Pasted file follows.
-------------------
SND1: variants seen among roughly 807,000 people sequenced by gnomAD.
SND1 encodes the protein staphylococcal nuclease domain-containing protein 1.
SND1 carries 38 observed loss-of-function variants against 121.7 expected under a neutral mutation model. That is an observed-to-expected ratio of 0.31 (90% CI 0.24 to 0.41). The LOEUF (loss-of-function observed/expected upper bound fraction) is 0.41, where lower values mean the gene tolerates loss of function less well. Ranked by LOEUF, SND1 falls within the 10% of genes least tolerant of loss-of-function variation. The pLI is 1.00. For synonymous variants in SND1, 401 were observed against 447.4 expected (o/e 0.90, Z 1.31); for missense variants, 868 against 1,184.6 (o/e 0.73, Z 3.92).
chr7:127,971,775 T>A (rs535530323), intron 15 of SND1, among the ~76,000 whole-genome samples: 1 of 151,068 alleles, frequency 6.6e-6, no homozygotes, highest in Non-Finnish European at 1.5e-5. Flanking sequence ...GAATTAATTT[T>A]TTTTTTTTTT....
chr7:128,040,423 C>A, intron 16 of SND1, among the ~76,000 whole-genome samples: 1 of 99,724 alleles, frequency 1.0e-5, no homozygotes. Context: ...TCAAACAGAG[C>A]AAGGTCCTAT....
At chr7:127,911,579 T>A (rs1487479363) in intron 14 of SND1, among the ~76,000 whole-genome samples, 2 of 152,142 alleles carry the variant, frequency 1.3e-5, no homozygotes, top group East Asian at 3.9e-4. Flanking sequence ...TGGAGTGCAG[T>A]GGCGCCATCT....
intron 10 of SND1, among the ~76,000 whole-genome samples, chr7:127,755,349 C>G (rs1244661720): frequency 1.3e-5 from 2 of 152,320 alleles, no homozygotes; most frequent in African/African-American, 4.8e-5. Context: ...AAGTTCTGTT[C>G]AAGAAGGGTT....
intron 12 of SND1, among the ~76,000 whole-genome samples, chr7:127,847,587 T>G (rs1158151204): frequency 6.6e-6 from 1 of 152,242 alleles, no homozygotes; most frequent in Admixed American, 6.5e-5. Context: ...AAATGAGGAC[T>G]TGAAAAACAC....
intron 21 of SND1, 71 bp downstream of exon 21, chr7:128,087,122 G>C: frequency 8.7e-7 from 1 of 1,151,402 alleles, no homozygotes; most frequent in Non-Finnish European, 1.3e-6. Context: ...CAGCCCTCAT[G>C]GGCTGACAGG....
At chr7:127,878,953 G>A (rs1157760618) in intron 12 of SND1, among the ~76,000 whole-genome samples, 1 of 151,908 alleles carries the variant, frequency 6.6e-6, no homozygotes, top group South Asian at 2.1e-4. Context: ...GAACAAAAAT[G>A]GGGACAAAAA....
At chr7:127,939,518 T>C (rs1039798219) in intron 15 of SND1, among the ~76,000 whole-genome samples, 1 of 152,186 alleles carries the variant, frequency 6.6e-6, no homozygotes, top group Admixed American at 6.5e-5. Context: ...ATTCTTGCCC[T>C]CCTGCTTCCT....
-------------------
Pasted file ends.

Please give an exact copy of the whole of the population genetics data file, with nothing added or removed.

SND1: variants seen among roughly 807,000 people sequenced by gnomAD.
SND1 encodes the protein staphylococcal nuclease domain-containing protein 1.
SND1 carries 38 observed loss-of-function variants against 121.7 expected under a neutral mutation model. That is an observed-to-expected ratio of 0.31 (90% CI 0.24 to 0.41). The LOEUF (loss-of-function observed/expected upper bound fraction) is 0.41, where lower values mean the gene tolerates loss of function less well. Ranked by LOEUF, SND1 falls within the 10% of genes least tolerant of loss-of-function variation. The pLI is 1.00. For synonymous variants in SND1, 401 were observed against 447.4 expected (o/e 0.90, Z 1.31); for missense variants, 868 against 1,184.6 (o/e 0.73, Z 3.92).
chr7:127,971,775 T>A (rs535530323), intron 15 of SND1, among the ~76,000 whole-genome samples: 1 of 151,068 alleles, frequency 6.6e-6, no homozygotes, highest in Non-Finnish European at 1.5e-5. Flanking sequence ...GAATTAATTT[T>A]TTTTTTTTTT....
chr7:128,040,423 C>A, intron 16 of SND1, among the ~76,000 whole-genome samples: 1 of 99,724 alleles, frequency 1.0e-5, no homozygotes. Context: ...TCAAACAGAG[C>A]AAGGTCCTAT....
At chr7:127,911,579 T>A (rs1487479363) in intron 14 of SND1, among the ~76,000 whole-genome samples, 2 of 152,142 alleles carry the variant, frequency 1.3e-5, no homozygotes, top group East Asian at 3.9e-4. Flanking sequence ...TGGAGTGCAG[T>A]GGCGCCATCT....
intron 10 of SND1, among the ~76,000 whole-genome samples, chr7:127,755,349 C>G (rs1244661720): frequency 1.3e-5 from 2 of 152,320 alleles, no homozygotes; most frequent in African/African-American, 4.8e-5. Context: ...AAGTTCTGTT[C>G]AAGAAGGGTT....
intron 12 of SND1, among the ~76,000 whole-genome samples, chr7:127,847,587 T>G (rs1158151204): frequency 6.6e-6 from 1 of 152,242 alleles, no homozygotes; most frequent in Admixed American, 6.5e-5. Context: ...AAATGAGGAC[T>G]TGAAAAACAC....
intron 21 of SND1, 71 bp downstream of exon 21, chr7:128,087,122 G>C: frequency 8.7e-7 from 1 of 1,151,402 alleles, no homozygotes; most frequent in Non-Finnish European, 1.3e-6. Context: ...CAGCCCTCAT[G>C]GGCTGACAGG....
At chr7:127,878,953 G>A (rs1157760618) in intron 12 of SND1, among the ~76,000 whole-genome samples, 1 of 151,908 alleles carries the variant, frequency 6.6e-6, no homozygotes, top group South Asian at 2.1e-4. Context: ...GAACAAAAAT[G>A]GGGACAAAAA....
At chr7:127,939,518 T>C (rs1039798219) in intron 15 of SND1, among the ~76,000 whole-genome samples, 1 of 152,186 alleles carries the variant, frequency 6.6e-6, no homozygotes, top group Admixed American at 6.5e-5. Context: ...ATTCTTGCCC[T>C]CCTGCTTCCT....